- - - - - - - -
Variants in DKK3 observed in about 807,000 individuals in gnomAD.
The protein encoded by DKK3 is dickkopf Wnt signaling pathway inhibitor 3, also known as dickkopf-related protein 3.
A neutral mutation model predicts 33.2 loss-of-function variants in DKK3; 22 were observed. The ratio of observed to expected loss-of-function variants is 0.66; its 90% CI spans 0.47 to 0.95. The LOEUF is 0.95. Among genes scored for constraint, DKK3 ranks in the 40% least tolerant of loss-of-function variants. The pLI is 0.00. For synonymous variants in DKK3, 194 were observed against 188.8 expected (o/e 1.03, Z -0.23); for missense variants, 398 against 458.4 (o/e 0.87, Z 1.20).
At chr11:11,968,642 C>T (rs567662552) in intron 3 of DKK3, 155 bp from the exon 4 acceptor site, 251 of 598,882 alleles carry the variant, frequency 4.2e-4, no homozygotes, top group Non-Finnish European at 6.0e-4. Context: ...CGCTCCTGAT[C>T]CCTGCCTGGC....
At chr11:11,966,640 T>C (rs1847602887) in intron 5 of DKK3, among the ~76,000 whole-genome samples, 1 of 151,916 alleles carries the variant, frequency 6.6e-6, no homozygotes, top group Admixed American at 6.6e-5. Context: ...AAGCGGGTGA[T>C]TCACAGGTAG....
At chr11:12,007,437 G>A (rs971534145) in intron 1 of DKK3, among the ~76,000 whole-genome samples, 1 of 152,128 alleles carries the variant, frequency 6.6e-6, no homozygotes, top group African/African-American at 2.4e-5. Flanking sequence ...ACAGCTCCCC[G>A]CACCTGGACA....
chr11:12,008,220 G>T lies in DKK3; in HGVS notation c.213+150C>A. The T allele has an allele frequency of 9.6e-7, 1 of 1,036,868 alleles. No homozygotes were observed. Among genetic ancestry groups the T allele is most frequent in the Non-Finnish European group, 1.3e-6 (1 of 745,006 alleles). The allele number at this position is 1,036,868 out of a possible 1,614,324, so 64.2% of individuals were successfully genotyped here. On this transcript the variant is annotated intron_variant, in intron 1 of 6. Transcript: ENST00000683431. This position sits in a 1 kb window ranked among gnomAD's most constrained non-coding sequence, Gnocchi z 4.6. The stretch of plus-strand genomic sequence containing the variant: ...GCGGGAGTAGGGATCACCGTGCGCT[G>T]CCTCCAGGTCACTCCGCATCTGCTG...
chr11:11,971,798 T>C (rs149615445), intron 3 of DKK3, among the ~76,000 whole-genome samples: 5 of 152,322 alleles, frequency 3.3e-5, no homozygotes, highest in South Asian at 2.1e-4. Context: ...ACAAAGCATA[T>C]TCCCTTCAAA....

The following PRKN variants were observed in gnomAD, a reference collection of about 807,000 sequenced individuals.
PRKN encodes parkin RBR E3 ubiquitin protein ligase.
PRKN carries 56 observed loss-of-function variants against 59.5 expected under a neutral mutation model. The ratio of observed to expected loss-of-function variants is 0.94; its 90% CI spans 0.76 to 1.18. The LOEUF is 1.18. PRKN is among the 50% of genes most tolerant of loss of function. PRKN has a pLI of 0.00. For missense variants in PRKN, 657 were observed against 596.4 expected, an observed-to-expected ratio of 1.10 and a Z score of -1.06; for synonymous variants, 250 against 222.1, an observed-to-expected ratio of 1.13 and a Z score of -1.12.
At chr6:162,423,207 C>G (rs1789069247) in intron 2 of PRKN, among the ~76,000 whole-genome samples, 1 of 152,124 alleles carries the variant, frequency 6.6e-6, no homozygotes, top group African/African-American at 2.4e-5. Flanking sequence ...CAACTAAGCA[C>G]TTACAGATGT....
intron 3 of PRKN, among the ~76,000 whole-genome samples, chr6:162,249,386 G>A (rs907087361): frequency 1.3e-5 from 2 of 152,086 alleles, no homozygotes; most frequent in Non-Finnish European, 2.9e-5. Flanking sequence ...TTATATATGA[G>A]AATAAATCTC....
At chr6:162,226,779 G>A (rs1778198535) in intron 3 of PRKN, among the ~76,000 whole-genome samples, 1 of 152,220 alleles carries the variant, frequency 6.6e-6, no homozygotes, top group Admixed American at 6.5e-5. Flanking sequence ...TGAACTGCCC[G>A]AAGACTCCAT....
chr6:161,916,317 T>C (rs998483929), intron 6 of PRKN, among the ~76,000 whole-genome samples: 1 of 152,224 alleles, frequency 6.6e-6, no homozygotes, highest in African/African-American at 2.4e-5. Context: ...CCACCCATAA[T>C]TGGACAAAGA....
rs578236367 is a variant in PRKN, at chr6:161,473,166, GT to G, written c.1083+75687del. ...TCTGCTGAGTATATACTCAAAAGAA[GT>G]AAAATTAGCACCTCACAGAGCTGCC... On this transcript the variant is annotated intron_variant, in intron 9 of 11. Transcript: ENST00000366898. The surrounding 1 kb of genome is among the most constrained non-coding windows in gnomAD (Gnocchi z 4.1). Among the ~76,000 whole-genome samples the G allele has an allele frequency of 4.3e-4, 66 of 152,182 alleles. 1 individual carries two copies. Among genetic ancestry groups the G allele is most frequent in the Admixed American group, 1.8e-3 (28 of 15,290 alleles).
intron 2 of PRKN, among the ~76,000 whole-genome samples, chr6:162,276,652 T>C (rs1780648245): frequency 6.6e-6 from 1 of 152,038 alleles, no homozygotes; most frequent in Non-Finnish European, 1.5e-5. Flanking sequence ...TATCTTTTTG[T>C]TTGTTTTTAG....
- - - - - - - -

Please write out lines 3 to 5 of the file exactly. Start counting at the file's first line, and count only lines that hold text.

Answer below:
A neutral mutation model predicts 33.2 loss-of-function variants in DKK3; 22 were observed. The ratio of observed to expected loss-of-function variants is 0.66; its 90% CI spans 0.47 to 0.95. The LOEUF is 0.95. Among genes scored for constraint, DKK3 ranks in the 40% least tolerant of loss-of-function variants. The pLI is 0.00. For synonymous variants in DKK3, 194 were observed against 188.8 expected (o/e 1.03, Z -0.23); for missense variants, 398 against 458.4 (o/e 0.87, Z 1.20).
At chr11:11,968,642 C>T (rs567662552) in intron 3 of DKK3, 155 bp from the exon 4 acceptor site, 251 of 598,882 alleles carry the variant, frequency 4.2e-4, no homozygotes, top group Non-Finnish European at 6.0e-4. Context: ...CGCTCCTGAT[C>T]CCTGCCTGGC....
At chr11:11,966,640 T>C (rs1847602887) in intron 5 of DKK3, among the ~76,000 whole-genome samples, 1 of 151,916 alleles carries the variant, frequency 6.6e-6, no homozygotes, top group Admixed American at 6.6e-5. Context: ...AAGCGGGTGA[T>C]TCACAGGTAG....